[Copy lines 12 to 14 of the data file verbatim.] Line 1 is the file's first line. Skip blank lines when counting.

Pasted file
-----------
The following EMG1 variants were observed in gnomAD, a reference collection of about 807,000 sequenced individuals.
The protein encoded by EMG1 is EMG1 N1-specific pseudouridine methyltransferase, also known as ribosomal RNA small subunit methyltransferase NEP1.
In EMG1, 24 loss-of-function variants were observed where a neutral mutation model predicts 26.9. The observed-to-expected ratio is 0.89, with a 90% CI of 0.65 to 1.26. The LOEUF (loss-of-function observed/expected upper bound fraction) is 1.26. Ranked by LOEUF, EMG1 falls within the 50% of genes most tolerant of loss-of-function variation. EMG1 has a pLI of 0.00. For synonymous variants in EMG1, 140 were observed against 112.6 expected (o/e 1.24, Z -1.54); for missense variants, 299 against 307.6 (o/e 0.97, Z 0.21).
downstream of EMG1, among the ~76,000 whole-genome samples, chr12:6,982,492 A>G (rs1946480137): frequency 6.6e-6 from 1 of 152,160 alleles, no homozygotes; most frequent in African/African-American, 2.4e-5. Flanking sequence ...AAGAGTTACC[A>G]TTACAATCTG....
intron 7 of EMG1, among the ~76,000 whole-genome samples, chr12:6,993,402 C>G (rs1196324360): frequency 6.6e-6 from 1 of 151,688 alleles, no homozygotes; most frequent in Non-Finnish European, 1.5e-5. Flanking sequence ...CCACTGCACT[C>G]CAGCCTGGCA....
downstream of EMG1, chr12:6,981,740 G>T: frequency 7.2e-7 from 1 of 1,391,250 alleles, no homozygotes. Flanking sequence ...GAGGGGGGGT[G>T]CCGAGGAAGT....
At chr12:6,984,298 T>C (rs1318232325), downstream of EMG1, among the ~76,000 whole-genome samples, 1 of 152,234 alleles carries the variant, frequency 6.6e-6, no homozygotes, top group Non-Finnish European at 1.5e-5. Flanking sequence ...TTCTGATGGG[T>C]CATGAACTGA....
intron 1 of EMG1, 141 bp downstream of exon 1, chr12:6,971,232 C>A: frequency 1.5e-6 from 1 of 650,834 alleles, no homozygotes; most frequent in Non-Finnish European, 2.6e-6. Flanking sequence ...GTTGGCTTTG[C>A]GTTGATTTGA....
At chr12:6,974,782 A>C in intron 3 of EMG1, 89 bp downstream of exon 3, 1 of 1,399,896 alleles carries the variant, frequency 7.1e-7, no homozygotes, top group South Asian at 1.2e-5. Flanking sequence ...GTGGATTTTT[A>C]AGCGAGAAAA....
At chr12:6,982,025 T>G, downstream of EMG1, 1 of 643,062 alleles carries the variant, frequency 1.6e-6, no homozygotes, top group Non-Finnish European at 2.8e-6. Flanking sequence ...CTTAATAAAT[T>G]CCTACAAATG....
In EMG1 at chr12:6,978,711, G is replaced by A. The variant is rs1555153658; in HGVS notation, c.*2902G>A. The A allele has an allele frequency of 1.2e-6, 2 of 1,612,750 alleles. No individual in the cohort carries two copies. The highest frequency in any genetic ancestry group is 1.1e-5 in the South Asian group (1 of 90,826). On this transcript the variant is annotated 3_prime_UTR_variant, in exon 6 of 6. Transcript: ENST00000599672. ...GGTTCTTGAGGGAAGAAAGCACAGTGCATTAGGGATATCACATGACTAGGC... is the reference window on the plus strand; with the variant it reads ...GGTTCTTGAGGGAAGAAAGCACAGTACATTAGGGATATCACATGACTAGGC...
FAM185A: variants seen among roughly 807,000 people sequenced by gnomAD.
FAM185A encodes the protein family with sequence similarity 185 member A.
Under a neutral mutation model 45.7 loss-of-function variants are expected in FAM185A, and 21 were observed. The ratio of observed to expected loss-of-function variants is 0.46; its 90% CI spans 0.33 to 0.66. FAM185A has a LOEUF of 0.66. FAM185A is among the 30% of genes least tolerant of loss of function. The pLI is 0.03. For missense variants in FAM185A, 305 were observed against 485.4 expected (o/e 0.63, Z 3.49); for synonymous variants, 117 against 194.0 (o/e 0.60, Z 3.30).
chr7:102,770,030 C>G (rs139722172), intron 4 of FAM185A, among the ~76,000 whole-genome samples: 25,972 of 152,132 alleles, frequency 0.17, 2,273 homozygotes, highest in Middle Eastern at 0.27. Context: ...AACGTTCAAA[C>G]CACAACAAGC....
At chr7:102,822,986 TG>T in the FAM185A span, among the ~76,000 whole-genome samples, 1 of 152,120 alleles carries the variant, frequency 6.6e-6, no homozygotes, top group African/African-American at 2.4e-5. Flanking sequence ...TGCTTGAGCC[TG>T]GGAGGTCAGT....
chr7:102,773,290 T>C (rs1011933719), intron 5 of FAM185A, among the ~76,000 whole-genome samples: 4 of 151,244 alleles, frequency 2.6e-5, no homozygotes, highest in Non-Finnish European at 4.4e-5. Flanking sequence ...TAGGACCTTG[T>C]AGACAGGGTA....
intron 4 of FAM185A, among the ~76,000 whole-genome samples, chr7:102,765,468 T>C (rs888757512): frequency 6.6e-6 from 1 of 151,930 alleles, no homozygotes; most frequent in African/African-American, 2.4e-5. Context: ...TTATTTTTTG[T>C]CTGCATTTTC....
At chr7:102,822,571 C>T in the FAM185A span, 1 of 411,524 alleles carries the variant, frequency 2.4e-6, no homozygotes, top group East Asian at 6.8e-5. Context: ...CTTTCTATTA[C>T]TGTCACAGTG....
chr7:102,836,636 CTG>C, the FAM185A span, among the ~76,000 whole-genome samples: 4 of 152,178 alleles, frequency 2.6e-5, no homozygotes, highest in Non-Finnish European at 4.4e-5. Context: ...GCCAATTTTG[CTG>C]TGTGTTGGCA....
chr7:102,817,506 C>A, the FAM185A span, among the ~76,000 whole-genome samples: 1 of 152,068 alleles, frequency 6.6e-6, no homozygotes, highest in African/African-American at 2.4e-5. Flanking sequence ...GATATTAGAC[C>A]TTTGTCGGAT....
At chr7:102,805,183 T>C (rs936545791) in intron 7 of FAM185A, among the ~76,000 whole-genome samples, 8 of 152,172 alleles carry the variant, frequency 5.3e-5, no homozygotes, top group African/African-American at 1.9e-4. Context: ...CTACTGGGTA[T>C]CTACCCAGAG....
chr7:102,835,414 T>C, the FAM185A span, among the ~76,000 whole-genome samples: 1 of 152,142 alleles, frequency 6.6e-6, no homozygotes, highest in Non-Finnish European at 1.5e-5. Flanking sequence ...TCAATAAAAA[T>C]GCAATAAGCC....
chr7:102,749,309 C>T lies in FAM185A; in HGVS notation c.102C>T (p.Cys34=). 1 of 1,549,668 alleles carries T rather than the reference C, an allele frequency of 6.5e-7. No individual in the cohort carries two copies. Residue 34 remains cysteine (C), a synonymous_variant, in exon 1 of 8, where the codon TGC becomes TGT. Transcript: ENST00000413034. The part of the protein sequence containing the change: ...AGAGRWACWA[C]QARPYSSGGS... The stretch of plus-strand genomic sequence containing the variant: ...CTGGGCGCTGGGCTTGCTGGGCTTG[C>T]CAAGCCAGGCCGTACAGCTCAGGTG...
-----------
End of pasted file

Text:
FAM185A: variants seen among roughly 807,000 people sequenced by gnomAD.
FAM185A encodes the protein family with sequence similarity 185 member A.
Under a neutral mutation model 45.7 loss-of-function variants are expected in FAM185A, and 21 were observed. The ratio of observed to expected loss-of-function variants is 0.46; its 90% CI spans 0.33 to 0.66. FAM185A has a LOEUF of 0.66. FAM185A is among the 30% of genes least tolerant of loss of function. The pLI is 0.03. For missense variants in FAM185A, 305 were observed against 485.4 expected (o/e 0.63, Z 3.49); for synonymous variants, 117 against 194.0 (o/e 0.60, Z 3.30).